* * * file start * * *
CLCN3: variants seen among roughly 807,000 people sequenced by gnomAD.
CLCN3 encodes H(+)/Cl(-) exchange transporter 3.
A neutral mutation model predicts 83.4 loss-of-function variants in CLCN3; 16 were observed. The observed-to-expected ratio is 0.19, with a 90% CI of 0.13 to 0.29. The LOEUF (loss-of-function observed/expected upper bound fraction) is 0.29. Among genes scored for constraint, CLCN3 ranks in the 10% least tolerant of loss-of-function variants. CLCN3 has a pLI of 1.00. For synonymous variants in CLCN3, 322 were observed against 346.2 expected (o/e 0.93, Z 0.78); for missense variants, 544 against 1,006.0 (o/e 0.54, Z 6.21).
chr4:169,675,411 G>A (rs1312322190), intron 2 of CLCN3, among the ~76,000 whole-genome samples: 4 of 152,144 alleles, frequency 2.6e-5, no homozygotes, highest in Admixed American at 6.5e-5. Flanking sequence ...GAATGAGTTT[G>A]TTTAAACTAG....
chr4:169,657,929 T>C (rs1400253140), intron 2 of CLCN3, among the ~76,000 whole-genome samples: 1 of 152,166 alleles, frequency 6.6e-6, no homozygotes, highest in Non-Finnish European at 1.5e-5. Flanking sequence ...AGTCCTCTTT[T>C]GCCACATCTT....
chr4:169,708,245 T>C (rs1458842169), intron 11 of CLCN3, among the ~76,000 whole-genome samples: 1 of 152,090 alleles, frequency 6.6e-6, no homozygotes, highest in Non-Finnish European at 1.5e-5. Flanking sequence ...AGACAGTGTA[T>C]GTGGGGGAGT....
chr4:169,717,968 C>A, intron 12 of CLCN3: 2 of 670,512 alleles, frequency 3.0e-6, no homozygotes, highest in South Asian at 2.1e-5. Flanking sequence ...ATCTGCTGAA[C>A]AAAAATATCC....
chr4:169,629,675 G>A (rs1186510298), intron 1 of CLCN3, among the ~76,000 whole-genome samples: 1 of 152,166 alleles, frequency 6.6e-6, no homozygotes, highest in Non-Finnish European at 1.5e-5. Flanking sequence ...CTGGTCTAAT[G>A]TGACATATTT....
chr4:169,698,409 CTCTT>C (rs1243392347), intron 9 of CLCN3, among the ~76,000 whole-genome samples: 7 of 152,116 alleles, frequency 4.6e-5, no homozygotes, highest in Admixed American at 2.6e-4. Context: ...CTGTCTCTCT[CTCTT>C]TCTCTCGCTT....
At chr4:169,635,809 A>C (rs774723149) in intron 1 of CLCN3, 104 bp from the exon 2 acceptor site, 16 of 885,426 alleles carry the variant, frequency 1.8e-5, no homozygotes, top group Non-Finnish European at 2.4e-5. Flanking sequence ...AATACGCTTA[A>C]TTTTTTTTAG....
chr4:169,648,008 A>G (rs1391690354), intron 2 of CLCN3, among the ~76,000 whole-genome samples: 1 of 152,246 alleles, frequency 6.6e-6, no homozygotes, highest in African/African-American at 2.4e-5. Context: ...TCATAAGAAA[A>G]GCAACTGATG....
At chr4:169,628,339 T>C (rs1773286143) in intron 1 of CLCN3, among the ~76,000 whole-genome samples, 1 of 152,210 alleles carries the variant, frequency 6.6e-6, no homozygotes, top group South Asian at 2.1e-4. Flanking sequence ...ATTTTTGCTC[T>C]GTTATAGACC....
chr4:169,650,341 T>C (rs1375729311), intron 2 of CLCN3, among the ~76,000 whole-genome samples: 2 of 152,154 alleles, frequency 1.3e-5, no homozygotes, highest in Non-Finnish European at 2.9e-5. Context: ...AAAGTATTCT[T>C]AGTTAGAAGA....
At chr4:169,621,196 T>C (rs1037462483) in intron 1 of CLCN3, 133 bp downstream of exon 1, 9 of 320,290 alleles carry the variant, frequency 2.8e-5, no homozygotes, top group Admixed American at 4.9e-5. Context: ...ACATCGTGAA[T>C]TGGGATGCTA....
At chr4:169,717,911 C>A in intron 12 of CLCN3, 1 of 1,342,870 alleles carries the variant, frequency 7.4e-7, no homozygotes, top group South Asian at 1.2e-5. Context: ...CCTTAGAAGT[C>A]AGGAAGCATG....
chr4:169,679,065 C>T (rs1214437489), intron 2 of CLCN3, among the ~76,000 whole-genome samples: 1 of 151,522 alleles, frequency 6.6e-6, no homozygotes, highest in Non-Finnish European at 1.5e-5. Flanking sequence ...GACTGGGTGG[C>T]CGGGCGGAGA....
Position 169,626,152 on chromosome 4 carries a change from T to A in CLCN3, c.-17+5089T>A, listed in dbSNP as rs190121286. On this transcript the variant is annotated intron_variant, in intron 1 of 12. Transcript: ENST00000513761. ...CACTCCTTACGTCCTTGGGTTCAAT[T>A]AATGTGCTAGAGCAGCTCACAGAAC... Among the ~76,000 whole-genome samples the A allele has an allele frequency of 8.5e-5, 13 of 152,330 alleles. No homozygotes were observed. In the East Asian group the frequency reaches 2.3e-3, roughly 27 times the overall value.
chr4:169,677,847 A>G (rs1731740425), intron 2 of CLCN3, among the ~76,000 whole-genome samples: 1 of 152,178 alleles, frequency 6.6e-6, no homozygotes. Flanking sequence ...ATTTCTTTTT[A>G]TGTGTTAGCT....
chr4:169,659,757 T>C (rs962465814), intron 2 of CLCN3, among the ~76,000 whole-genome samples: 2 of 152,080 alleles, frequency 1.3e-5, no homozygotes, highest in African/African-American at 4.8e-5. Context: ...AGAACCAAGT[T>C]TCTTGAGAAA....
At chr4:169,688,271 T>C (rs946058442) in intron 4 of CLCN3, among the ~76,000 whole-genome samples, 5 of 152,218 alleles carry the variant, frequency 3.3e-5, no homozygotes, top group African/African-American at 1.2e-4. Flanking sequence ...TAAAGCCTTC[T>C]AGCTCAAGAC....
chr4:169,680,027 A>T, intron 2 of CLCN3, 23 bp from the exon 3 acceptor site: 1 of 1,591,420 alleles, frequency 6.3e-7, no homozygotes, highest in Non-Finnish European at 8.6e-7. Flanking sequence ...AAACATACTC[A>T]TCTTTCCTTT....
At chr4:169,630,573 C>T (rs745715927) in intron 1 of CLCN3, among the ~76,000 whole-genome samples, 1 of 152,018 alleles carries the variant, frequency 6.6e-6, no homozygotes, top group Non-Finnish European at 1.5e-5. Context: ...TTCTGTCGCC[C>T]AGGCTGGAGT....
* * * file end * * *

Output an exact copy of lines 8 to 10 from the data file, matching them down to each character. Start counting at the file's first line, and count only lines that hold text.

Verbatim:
chr4:169,629,675 G>A (rs1186510298), intron 1 of CLCN3, among the ~76,000 whole-genome samples: 1 of 152,166 alleles, frequency 6.6e-6, no homozygotes, highest in Non-Finnish European at 1.5e-5. Flanking sequence ...CTGGTCTAAT[G>A]TGACATATTT....
chr4:169,698,409 CTCTT>C (rs1243392347), intron 9 of CLCN3, among the ~76,000 whole-genome samples: 7 of 152,116 alleles, frequency 4.6e-5, no homozygotes, highest in Admixed American at 2.6e-4. Context: ...CTGTCTCTCT[CTCTT>C]TCTCTCGCTT....
At chr4:169,635,809 A>C (rs774723149) in intron 1 of CLCN3, 104 bp from the exon 2 acceptor site, 16 of 885,426 alleles carry the variant, frequency 1.8e-5, no homozygotes, top group Non-Finnish European at 2.4e-5. Flanking sequence ...AATACGCTTA[A>C]TTTTTTTTAG....